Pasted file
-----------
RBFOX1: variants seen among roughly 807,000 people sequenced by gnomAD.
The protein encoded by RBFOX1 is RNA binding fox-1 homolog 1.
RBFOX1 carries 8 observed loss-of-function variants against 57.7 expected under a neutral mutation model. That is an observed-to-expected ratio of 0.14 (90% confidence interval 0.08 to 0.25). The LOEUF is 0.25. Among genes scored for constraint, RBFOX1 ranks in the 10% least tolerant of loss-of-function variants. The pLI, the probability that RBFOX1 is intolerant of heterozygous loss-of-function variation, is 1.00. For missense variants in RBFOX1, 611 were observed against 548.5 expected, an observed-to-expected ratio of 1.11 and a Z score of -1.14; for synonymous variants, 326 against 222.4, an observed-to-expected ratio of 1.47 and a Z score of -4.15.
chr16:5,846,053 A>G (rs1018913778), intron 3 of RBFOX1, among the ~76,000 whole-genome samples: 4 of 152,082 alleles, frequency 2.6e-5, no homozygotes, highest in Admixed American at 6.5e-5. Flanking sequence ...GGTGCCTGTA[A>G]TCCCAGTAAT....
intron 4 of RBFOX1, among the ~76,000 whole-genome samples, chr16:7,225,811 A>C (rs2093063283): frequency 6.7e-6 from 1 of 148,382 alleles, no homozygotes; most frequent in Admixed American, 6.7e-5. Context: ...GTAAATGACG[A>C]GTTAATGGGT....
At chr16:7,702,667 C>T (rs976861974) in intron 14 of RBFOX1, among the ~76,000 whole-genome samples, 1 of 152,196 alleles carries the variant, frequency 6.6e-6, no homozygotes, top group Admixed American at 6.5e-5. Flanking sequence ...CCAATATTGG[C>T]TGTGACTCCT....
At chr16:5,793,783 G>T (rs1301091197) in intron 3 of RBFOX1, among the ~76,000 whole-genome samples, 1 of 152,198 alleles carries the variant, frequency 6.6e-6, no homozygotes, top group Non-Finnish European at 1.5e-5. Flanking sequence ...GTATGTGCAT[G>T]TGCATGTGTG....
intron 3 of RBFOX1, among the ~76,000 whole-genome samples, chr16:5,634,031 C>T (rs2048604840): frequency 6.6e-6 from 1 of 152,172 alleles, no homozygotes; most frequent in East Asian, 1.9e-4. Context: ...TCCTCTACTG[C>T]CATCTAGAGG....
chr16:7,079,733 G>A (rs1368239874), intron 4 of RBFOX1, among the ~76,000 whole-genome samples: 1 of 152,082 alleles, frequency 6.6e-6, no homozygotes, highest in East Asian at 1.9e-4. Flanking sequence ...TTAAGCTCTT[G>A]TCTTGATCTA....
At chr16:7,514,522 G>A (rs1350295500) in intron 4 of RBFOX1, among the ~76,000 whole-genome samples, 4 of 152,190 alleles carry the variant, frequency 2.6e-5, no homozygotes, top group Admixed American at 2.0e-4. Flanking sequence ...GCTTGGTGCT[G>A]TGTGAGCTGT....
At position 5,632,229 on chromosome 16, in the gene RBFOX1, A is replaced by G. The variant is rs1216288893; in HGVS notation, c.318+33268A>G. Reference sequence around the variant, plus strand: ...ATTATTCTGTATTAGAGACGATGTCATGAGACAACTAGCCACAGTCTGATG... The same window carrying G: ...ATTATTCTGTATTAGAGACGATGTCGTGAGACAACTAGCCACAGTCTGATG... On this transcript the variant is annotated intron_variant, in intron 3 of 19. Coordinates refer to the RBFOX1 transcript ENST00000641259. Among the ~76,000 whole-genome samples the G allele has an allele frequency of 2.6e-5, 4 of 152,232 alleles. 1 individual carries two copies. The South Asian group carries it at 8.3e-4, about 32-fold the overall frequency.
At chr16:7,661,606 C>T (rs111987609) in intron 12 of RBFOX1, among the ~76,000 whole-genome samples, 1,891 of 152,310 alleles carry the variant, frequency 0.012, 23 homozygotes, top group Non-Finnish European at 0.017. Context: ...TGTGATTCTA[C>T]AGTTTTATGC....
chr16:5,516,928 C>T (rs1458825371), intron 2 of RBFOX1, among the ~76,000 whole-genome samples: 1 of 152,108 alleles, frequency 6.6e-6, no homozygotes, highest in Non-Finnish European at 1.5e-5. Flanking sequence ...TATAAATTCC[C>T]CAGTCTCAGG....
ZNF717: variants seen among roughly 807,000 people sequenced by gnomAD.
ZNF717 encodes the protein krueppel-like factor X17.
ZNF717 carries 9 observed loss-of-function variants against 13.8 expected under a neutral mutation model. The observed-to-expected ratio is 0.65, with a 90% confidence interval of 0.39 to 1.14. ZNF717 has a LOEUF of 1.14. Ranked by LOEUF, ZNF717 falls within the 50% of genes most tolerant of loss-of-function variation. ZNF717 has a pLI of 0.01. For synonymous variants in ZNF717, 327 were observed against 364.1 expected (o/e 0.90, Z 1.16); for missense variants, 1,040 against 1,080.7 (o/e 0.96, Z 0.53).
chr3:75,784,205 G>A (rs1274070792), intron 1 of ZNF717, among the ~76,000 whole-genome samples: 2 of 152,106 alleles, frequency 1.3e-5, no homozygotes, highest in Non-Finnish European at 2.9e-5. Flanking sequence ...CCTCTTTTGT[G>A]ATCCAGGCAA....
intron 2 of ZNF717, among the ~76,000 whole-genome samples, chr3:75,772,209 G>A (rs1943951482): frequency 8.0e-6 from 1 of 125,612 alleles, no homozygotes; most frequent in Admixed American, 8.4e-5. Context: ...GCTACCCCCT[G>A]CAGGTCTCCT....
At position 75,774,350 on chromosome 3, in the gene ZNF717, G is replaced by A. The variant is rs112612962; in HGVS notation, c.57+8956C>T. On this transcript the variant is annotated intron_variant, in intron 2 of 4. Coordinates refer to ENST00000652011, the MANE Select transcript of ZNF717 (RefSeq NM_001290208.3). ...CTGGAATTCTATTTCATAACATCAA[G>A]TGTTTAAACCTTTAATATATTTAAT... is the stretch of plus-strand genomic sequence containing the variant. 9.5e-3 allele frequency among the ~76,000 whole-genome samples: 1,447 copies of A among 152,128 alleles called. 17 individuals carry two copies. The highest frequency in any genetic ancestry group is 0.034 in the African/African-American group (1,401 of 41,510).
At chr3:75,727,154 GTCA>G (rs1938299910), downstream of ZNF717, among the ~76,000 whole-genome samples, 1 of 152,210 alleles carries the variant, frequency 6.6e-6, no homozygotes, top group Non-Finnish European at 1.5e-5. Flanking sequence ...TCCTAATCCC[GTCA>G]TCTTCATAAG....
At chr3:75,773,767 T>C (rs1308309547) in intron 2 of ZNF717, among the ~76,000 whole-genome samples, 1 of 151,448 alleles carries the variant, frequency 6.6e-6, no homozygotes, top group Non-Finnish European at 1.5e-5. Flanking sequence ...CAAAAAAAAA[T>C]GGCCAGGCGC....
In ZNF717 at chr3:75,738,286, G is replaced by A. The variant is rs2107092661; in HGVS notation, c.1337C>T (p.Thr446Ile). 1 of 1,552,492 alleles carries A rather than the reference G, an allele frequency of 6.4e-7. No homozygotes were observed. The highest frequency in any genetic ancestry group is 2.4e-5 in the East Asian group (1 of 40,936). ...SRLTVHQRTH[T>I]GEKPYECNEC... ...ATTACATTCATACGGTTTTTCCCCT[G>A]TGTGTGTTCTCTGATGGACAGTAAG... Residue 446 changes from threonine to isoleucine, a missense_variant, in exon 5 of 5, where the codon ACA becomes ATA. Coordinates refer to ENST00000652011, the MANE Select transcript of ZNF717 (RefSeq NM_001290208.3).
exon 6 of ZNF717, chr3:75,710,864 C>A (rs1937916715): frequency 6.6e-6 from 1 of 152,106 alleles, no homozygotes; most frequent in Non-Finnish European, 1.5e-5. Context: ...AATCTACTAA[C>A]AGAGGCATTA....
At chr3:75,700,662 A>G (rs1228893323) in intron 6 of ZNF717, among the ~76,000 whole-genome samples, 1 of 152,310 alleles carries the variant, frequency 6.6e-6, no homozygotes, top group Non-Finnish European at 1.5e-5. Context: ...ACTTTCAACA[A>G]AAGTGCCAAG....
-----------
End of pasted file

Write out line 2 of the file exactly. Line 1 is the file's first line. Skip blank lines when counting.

The protein encoded by RBFOX1 is RNA binding fox-1 homolog 1.